Amazon Echo, Google Home, and other smart assistants are dominating our homes and making the lives of people all around the world more convenient and organized. Although these home assistants may look hip and stylish – like powerful little music speakers with a brain in them – they are actually powerful enough to handle many tasks you have never imagined possible.
Coming with artificial intelligence as the standard and fine-tuned voice recognition technology, these wireless smart assistants remain connected to the internet (usually with the help of a smart hub management device) and are constantly listening out for your commands.
Whether you are adding items to your online basket, asking a question about the weather or want to play some music, it seems like smart home assistants can do it all, and they are only getting more powerful as the technologies progress.
With this in mind, you probably only have one question – are they safe and secure, or are they a security nightmare waiting to happen? With people of all demographics all across the world embracing smart home assistants, this question has never been more relevant.
Here are three security risks that can be associated with smart home assistants:
#1: Accidental Triggering
We have all heard news stories about this; the media lap it up and often twist the stories somewhat, but the underlying issue is still there.
More recently, you may have heard about how a homeowner accidentally and unknowingly triggered Amazon’s Alexa system. It then recorded the conversation the homeowner was having, saved it and sent it on to third parties.
AI-powered home devices are typically powered with a wake word, such as “OK Google” or “Alexa” – the issue here is that smart speakers can easily misinterpret other words and be activated without you knowing about it.
This is quite alarming, and many advertisers have already incorporated these wake words into their marketing to prolong the message and get extra coverage in the press. Google, though, has been quick to act against advertisers doing this, so it’s not all doom and gloom.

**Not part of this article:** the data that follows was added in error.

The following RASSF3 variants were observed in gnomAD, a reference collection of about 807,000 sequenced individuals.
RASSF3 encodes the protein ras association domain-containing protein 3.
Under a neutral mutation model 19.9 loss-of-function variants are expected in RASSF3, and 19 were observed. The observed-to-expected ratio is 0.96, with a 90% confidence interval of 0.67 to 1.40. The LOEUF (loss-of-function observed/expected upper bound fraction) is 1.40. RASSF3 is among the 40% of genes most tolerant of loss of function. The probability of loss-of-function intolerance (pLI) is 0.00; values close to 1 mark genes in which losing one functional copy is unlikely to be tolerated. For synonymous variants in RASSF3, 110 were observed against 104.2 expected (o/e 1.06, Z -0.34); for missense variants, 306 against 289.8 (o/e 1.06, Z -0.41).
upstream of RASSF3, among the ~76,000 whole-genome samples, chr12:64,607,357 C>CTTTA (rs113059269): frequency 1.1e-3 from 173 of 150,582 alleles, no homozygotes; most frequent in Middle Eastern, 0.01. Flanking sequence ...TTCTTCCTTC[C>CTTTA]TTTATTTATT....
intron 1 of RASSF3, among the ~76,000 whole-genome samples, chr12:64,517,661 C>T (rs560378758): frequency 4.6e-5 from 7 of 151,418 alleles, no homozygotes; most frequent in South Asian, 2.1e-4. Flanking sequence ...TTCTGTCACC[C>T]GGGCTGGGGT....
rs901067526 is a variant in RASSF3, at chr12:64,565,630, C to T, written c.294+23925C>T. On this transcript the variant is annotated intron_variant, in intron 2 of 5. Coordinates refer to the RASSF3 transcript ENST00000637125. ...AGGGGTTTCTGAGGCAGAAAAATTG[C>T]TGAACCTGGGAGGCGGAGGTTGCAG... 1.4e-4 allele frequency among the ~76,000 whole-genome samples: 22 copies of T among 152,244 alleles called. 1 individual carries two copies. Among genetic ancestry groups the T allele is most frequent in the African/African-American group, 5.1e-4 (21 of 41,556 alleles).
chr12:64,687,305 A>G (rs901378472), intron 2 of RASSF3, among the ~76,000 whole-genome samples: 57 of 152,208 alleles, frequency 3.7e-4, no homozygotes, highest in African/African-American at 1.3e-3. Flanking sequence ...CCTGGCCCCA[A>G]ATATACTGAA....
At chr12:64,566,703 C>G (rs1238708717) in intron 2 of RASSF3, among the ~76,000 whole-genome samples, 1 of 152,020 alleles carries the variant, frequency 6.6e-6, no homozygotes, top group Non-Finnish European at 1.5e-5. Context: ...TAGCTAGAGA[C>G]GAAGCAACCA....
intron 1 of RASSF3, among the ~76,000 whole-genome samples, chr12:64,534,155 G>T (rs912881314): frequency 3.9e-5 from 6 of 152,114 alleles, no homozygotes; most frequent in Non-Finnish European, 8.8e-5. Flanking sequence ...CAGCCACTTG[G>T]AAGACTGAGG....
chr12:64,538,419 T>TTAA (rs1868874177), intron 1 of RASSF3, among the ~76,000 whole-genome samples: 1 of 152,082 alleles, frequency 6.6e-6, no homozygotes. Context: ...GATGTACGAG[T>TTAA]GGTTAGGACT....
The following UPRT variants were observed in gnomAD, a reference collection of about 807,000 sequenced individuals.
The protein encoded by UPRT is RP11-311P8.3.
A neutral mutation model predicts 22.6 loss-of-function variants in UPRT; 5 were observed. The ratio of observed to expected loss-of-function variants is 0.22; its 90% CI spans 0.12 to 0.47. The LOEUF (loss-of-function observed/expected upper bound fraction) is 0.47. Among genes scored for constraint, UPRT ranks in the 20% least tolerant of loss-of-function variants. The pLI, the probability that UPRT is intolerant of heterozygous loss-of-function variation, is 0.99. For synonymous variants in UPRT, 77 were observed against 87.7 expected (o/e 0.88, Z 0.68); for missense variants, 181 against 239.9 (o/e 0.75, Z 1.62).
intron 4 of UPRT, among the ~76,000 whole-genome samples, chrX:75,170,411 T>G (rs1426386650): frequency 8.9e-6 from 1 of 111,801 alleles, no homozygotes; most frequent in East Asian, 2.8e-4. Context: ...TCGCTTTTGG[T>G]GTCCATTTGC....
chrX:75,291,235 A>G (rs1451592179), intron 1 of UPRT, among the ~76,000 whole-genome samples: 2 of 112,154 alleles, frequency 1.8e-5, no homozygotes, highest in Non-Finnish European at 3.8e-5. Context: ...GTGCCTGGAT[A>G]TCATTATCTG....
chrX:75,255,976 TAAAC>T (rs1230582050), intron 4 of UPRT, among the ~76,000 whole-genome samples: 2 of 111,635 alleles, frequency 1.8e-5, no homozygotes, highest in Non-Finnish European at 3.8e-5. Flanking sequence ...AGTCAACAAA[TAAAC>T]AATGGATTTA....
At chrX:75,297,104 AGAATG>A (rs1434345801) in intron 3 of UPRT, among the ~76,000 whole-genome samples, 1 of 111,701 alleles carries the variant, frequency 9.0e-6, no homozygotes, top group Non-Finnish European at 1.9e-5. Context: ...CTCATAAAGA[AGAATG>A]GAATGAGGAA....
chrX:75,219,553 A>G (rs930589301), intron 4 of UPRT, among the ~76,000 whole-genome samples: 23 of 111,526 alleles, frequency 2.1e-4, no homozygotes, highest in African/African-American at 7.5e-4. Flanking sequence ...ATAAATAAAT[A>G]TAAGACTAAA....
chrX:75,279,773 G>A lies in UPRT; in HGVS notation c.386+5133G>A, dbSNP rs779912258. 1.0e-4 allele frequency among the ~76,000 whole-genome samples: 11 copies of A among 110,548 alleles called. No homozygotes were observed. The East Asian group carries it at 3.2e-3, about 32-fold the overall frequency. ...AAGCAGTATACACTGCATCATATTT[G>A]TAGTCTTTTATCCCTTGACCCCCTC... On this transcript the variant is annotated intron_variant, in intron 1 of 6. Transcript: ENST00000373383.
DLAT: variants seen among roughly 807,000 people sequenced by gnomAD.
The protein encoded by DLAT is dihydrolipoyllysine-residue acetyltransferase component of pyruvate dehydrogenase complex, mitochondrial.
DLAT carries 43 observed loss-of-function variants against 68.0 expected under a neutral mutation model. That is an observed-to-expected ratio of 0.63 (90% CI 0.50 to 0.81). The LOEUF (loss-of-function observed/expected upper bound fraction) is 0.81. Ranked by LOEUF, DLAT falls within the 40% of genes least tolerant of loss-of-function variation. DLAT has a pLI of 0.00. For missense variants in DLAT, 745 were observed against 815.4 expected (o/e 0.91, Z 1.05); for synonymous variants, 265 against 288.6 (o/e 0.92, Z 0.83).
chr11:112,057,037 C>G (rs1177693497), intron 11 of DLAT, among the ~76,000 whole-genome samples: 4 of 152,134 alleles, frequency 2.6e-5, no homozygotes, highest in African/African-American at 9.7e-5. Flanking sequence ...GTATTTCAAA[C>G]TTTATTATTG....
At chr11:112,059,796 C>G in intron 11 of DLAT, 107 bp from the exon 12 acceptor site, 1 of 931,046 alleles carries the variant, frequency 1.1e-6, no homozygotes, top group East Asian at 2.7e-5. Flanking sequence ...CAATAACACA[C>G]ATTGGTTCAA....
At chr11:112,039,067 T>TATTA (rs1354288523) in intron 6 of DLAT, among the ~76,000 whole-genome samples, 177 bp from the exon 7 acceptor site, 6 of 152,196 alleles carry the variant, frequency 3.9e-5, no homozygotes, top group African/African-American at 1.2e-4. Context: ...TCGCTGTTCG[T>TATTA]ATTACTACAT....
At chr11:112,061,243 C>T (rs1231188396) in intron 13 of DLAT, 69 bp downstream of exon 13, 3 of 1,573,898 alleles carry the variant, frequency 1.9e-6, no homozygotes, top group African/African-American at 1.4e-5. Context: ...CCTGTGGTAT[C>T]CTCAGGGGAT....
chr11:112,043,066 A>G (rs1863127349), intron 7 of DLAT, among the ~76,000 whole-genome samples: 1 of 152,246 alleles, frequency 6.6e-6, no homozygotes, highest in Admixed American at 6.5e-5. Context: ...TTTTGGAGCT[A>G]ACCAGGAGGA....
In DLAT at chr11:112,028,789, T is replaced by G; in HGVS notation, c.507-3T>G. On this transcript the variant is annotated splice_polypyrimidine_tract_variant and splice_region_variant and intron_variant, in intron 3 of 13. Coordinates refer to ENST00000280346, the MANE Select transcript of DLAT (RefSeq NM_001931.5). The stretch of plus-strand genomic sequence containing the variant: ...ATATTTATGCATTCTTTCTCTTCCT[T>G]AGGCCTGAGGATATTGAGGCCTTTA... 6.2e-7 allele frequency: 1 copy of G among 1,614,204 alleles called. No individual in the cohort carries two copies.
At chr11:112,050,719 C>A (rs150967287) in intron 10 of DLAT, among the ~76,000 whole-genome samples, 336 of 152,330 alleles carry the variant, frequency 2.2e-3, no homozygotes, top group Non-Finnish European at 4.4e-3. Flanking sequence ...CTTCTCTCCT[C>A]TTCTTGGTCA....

#2: Third Party Users
Smart home assistants cannot yet distinguish between people’s voices, and with this comes a massive security problem: anybody can activate your AI-powered home assistant and give it commands.
This is a major problem should you have your financial information linked up to your smart home assistant or e-commerce accounts, as this data can easily be accessed by a third party using your device.
Using voice commands, third parties could also do other things such as send messages, emails, determine your location or order products online from the likes of Amazon (one of Amazon Echo’s major selling points).
#3: Your Voice is Recorded and Sent
Every single time you use Google Home, Amazon Echo or any other smart home device, your request is recorded and pinged straight over to the manufacturers’ servers and logged into your account.
You can easily access all these previous requests, which is great; however, this also means that anybody who gets unauthorised access to your account – should it happen – would be able to access these too.
If you are using your smart home assistant for any personal or sensitive matters and requests (not recommended!), the security implications become immediately obvious. All it takes is one person with bad intentions to get a hold of this information and use it to their advantage.
Smart home speakers may well be revolutionising our homes with their convenience and organizational capabilities. However, they come with some alarming security problems, which will only become more relevant as these technologies become more popular and common in our homes.
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